With the Commonwealth Government deficit at its highest level since World War II and as the COVID-19 pandemic continues to cripple the Australian economy and stifle federal tax collections, we will inevitably see a significant increase in revenue collecting activity undertaken by the Australian Taxation Office (ATO).

One way it is doing this is by using the Director Penalty Regime (DPR) and since incorporating Goods and Services Tax (GST) in the DPR since 1 April 2020, it is easier for the Commissioner of Taxation to collect additional revenue from directors who fail to cause their companies to meet their tax obligations.

But when can directors be held liable for company tax liabilities and what is the process that is followed? This post looks at these questions in more detail.

When Is A Director Liable?

Under Division 269 of Schedule 1 of the Taxation Administration Act 1953 (Cth) (the TAA), a director of a company must ensure that the company complies with its obligations regarding Pay as You Go (PAYG) tax, the Superannuation Guarantee Charge (SGC), and GST. If the company fails to do so, every director of the company becomes personally liable to pay a penalty equal to the company’s unpaid tax liability.

When a person becomes a director of a company after the due date for the payment of liability that person will only become liable if the company has not:

  • complied with its obligations
  • appointed a small business restructuring practitioner
  • had an administrator appointed to it; or
  • begun to be wound up, 30 days after their appointment

Director Penalty Notices

Under the DPR, the ATO can impose a personal penalty on directors who fail to ensure that the company complies with its PAYG, SGC, or GST obligations. This means that if a company has outstanding tax obligations, the ATO can send a Director Penalty Notice (DPN) to a director giving them 21 days to:

  • Cause the company to pay the debt, or
  • put the company into liquidation, or
  • put the company into voluntary administration, or
  • make a payment arrangement with the ATO.

For a DPN to be valid, Division 269-25 of the TAA requires certain requirements to be met. These are:

  • The DPN must set out what the ATO thinks the unpaid amount of the company’s tax obligations are.
  • The DPN must state that the director is liable to pay to the ATO an amount equal to that unpaid amount because of an obligation the director has or had under Division 269 of Schedule 1 of the TAA, and
  • Explain the circumstances under which the penalty will be remitted.

An important thing to remember is that the DPN does not have to be physically received by the director in question for it to be valid as long as there has been effective delivery as defined in the TAA. This means that a DPN is deemed to have been given at the time when the ATO leaves or posts it.

When a valid DPN was delivered and no action has been taken by either the director or the company, the ATO has the right to recover a penalty through:

  • garnishee notices,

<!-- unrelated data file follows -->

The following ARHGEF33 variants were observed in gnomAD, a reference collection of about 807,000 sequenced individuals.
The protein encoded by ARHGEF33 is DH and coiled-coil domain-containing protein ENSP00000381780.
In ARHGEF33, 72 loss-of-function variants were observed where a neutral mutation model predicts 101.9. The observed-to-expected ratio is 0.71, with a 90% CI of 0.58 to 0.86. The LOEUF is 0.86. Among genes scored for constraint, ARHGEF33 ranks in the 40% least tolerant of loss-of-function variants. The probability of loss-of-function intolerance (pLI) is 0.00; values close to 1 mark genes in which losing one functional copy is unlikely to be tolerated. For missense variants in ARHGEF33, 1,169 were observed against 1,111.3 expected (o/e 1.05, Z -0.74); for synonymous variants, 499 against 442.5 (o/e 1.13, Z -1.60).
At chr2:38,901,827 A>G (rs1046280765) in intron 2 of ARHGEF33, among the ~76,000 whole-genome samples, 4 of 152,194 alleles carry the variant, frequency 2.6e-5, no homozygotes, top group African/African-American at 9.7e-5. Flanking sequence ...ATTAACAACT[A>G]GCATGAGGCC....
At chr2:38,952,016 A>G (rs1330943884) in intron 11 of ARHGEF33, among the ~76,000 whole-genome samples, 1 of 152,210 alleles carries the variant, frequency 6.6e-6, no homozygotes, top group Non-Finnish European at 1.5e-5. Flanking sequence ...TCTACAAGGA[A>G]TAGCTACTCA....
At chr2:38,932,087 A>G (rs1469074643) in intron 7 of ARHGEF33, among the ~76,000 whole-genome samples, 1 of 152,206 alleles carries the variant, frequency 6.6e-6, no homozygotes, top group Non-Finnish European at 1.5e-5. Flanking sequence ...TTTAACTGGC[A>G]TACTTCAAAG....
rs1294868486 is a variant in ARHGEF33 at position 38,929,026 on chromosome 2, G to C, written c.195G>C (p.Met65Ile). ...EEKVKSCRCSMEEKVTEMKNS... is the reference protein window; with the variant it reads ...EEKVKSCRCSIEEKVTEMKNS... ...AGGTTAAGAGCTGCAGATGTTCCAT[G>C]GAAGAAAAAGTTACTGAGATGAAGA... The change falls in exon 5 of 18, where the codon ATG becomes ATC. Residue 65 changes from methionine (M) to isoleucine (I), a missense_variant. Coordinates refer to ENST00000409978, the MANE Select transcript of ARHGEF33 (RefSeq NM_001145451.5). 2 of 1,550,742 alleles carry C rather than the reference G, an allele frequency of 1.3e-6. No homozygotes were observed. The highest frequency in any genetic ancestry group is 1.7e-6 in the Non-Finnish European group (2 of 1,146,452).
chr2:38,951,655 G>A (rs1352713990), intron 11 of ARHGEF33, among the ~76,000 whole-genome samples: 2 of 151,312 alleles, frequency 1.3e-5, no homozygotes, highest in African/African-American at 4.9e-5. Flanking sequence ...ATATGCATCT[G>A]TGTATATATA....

• offsetting the directors’ tax credit against the penalty, or
  • initiating legal recovery proceedings against the director to recover the penalty.

Avoiding Payment After A Director Penalty Notice

The opportunities for avoiding payment after a DPN has been issued are limited. In terms of the TAA, payment of the personal penalty can be remitted if the company pays the outstanding debts, an administrator is appointed, or the company has commenced being wound up.

Likewise, the defences to a liability under a DPN are relatively limited. Here, Division 269-35 of Schedule 1 of the TAA provides that a director may avoid personal liability if the director can show that:

  • because of illness or some other good reason, the director did not take part in the management of the company at the time when the obligation commenced, or
  • the director took all reasonable steps to ensure that the company complied with its tax obligations, specifically by ensuring that:
    • the company paid the amount outstanding,
    • an administrator was appointed to the company,
    • the directors began winding up the company, or
    • in the case of an unpaid SGC liability, the company treated the SGAA is applying in a way that could be argued was in accordance with the law and took reasonable steps to apply the Act.

It is important to remember that, for any of these defences, the TAA requires that they be raised within 60 days from the date when the DPN is issued. This means that, if the defences are raised later than 60 days, the director will incur personal liability.

Final Thoughts

From the above, it is clear that it is vital for the company to comply with its PAYG, SGC, and GST obligations so the direct can avoid personal liability.

If the company doesn’t comply and a DPN has been issued, directors don’t have a lot of options for avoiding personal liability.

Blaine Hattie is a commercial lawyer that regularly negotiates with the ATO on behalf of his clients.

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